Imagine that you just checked into a hotel.
You’re in the lift on the way to your room, holding a key.
You get to your room; you wave, swipe or turn the key; and the door opens.
Assuming the door wouldn’t open until you presented the key, it certainly feels like security of a sort, doesn’t it?
But what if your key isn’t unique?
What if your key opens every other door in the hotel (or, for that matter, if every other key opens your door)?
How would you ever know, just for starters?
You could make a habit of trying your key on a random selection of doors every time you use a hotel, but even that might not help, because:
- You’ll probably get into trouble, especially if you do manage to open someone else’s door unexpectedly.
- Some hotels only let you access your own floor, so you’ll never know if your key might open doors on other floors.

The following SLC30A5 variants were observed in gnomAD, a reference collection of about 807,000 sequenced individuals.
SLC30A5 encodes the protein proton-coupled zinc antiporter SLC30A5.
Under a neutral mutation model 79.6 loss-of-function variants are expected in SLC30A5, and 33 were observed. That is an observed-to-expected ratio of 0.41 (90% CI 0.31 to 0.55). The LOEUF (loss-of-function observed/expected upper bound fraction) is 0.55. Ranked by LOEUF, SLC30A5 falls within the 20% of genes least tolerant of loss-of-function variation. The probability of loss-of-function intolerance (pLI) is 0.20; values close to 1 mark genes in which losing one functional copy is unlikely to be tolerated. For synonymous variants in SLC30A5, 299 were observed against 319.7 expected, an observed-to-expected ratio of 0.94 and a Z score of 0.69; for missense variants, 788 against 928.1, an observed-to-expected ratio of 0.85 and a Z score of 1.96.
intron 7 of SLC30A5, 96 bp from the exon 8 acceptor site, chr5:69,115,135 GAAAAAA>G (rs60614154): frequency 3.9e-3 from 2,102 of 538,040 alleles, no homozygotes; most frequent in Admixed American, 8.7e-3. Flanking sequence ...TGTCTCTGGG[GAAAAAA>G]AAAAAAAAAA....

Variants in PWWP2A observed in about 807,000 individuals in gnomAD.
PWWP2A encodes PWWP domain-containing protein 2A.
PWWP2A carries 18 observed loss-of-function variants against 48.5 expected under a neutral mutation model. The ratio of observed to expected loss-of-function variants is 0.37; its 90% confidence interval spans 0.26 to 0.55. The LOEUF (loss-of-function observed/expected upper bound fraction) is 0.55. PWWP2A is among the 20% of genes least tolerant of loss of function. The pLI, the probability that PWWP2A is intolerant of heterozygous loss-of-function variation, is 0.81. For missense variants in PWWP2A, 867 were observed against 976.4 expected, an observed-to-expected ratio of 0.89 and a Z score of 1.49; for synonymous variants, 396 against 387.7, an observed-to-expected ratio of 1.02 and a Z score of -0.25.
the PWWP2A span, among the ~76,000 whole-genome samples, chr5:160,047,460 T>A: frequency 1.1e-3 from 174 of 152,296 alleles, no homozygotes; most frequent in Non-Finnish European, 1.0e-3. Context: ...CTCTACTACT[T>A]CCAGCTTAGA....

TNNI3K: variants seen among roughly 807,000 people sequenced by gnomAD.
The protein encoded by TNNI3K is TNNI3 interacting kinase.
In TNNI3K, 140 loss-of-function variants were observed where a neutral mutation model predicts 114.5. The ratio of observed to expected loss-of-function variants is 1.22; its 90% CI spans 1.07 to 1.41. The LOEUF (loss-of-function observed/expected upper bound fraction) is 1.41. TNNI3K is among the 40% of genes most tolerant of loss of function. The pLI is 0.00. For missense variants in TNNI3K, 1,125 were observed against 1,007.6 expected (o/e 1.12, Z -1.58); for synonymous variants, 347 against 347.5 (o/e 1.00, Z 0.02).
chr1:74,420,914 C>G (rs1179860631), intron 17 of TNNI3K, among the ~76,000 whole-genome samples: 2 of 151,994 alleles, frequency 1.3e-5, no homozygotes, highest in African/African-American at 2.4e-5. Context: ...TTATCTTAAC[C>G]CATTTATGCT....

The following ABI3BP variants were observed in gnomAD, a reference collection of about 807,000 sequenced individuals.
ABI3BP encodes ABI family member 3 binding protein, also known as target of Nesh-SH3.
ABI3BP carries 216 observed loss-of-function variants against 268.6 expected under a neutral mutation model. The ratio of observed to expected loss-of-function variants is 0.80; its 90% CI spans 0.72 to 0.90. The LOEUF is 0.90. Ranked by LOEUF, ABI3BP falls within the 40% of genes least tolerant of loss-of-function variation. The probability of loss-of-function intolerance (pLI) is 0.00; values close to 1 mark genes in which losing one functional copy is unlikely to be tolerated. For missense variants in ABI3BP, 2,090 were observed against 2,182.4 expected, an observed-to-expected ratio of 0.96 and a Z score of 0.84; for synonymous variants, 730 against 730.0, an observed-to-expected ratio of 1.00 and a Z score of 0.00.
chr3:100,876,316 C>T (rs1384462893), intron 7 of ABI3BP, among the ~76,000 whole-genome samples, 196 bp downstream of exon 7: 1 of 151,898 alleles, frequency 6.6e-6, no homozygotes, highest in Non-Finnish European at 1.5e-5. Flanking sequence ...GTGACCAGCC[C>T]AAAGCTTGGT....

- Your key might be fine until the hotel next reboots its lock control server.
- Other keys might open your door, even if your key doesn’t open other people’s.
In short, you have to assume that the hotel’s key management software (or its locksmith service) knows what it’s doing.
From hotel keys to router keys
Now imagine you just finished setting up a secure router at home or at work, taking it out of its box, putting it through its first-time setup, and connecting it to the network.
You might similarly assume that tasks related to key setup, such as generating public-private keypairs, were done correctly.
In fact, history suggests that key creation tasks sometimes aren’t done well at all, especially on small, cheap routers where generating pseudorandom numbers is hard to do well because there just aren’t many sources of unpredictable data inside the router’s limited hardware.
If the clock always sets itself, say, to 01:00 on 01 January 1991, every time you power up, then randomisation routines that rely on the time of day to mix things up at the outset are not going to get very mixed up at all.